Still in Your Grief

image of man on mountainI just received an email newsletter from my friend Lisa in which she wrote about a conversation she had with a friend of hers who is a therapist. Lisa told her friend she was, “So angry and hurt and don’t know what I am supposed to do with all of it.”   Her friend looked at her and said, “You do nothing with it, you just allow yourself to feel it.”  To which Lisa replies, “WOW.”

It seems so plain and simple.

How often do we find ourselves spinning out of control into the depths of a grief period only to fight it, wondering when this episode will be done?  It is so easy to berate ourselves that we should be doing better, or get lost in the fear that we will never be through this.  But struggling to get past the pain of the moment, waiting for time to pass, we do not really accomplish any grief work.  Expending energy looking for a way out, the focus is on the struggle which only obscures the exit, and does nothing for our pain.

Grief is totally natural.  Of course losing your child hurts more than anything else you could have imagined.  Some experts on stress and trauma rank losing a child as one of the hardest things you could have to go through.  It is hard to come to terms with it.  It doesn’t really make sense, there are no answers to the grand “why” questions when someone dies, especially a child.  The pain of this loss is real.  It is heavy, isolating, unpredictable, and difficult to deal with.

Fighting it is not the answer.  When you focus on the struggle, you ignore your feelings and simply bide your time and seek a way out.  But your feelings are screaming for your attention.  They demand to be felt and processed by you.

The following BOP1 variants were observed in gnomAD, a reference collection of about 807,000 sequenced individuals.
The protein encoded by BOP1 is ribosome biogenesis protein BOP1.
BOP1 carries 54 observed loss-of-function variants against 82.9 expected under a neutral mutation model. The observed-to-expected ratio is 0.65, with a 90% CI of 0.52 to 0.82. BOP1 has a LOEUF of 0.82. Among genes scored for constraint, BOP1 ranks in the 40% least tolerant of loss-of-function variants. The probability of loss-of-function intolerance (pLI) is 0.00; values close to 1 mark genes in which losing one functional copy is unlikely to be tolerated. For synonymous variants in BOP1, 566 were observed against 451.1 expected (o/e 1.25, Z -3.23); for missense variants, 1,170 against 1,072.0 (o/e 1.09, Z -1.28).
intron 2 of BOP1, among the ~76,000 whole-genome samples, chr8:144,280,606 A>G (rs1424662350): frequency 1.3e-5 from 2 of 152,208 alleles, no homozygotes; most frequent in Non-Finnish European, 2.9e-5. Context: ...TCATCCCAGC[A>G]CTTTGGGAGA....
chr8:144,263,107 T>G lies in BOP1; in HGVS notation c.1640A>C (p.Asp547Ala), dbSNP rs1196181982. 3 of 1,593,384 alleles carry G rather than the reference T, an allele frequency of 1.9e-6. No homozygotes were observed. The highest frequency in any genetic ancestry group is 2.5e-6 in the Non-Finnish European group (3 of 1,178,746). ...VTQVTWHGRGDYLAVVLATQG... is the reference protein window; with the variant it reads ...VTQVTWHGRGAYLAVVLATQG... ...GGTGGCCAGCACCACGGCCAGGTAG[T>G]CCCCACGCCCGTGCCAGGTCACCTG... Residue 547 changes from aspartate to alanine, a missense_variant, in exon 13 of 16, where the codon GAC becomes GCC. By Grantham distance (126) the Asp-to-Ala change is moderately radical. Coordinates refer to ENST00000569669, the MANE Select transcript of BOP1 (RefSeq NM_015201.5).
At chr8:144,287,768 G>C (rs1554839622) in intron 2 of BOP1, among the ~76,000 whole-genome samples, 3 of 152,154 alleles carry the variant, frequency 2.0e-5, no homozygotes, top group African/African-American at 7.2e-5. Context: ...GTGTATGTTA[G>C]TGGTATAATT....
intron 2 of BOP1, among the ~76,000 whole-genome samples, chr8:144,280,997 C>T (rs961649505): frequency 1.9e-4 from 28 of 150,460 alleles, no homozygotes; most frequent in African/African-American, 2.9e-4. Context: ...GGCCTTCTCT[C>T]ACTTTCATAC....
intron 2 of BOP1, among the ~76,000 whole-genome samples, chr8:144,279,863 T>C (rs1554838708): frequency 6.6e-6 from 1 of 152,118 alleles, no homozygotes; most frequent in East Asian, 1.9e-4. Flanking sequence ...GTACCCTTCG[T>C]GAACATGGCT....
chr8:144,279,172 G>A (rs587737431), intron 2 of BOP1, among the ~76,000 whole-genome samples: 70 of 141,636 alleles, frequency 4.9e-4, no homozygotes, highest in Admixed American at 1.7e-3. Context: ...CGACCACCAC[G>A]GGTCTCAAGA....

Our bodies and our minds work together in the most incredible ways!  It is time to dispell the cliche that time heals all wounds.  Because that is not literally true.  It is possible to ignore your grief and tuck it away for a very long time.  Grief waits for you.  And if you do not deal with it, it will fester inside and eventually it will make you sick.  Time does not heal the wounds of losing a child; Grief Work in that time is the only path toward healing.

But what is Grief Work?  That’s the easy part!  Grief Work is simply the act of being in your grief.  Listening to your thoughts and thinking them through to a conclusion, journaling to capture the essence of your feelings when you are unable to grasp the thoughts in a cohesive thread, reaching out to someone in your support circle, reaching out to someone and asking them to be your support, writing a letter to your child, to god, or the universe, or your doctors, or even your spouse are all excellent ways to be in your grief.  Preparing memorial books, keepsakes, or events to commemorate special dates are equally important.  There are no rules, but by taking action you will achieve Grief Work, and you’ll feel so much better for it.

The next time you find yourself fighting against and sinking under the waves of grief, try being still.  Try to take a moment and with the most focused intention, be still in your grief.  Write down your thoughts, try to make a list of the things you are feeling.  Be honest with yourself.  By allowing yourself to feel your feelings, you are respecting your emotions and the message they are trying (and will keep on trying) so very hard to send you.